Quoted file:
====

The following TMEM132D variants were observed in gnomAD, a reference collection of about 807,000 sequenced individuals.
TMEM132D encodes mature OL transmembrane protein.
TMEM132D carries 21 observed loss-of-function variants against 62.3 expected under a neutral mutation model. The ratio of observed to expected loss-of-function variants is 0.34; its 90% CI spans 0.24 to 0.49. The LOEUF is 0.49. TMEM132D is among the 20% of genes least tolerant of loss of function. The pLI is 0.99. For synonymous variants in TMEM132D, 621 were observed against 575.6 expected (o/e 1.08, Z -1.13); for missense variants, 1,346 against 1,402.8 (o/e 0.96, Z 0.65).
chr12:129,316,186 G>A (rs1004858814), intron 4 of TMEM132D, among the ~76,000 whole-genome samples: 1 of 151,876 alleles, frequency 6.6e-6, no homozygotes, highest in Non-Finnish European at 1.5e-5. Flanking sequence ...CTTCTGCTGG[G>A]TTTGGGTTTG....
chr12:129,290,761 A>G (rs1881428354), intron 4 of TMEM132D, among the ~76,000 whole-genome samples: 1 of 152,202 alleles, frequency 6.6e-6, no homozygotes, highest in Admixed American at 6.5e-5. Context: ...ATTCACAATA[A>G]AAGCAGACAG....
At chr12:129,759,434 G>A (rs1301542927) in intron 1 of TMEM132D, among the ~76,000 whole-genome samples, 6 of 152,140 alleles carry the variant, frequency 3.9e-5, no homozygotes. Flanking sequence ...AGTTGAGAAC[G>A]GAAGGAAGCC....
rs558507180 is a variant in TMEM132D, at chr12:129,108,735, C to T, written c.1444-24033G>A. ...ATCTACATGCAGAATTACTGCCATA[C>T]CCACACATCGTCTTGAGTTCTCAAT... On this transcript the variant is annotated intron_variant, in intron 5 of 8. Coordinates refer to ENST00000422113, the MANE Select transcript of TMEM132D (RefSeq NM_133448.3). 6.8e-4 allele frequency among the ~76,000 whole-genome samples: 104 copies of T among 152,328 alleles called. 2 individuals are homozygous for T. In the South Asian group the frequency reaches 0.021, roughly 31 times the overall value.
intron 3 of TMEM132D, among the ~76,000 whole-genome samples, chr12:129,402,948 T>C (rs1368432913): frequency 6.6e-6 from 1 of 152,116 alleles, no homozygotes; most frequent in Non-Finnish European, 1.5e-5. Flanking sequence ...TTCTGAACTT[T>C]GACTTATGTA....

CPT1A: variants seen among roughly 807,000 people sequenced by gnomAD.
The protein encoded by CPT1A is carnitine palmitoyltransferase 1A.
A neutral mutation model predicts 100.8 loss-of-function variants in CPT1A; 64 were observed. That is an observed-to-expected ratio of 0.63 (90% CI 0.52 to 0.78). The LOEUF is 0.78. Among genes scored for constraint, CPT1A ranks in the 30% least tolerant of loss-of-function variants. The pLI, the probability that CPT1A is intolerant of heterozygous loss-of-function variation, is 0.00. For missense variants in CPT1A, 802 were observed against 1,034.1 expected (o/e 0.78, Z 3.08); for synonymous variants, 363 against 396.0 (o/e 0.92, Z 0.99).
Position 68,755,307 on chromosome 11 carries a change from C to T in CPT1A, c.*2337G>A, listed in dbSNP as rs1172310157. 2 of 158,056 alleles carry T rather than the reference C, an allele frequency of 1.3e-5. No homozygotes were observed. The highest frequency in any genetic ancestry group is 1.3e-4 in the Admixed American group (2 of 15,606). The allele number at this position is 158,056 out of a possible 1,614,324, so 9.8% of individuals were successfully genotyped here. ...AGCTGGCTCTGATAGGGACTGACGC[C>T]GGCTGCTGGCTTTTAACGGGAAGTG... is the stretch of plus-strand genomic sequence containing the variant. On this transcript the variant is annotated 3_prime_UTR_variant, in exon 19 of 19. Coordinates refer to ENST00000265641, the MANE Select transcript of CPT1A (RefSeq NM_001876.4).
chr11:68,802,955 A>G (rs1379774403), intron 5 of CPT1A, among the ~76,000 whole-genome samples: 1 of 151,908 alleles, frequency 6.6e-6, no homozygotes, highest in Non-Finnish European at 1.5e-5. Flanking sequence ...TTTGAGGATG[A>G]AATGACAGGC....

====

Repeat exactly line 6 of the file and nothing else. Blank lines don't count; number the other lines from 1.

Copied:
At chr12:129,759,434 G>A (rs1301542927) in intron 1 of TMEM132D, among the ~76,000 whole-genome samples, 6 of 152,140 alleles carry the variant, frequency 3.9e-5, no homozygotes. Flanking sequence ...AGTTGAGAAC[G>A]GAAGGAAGCC....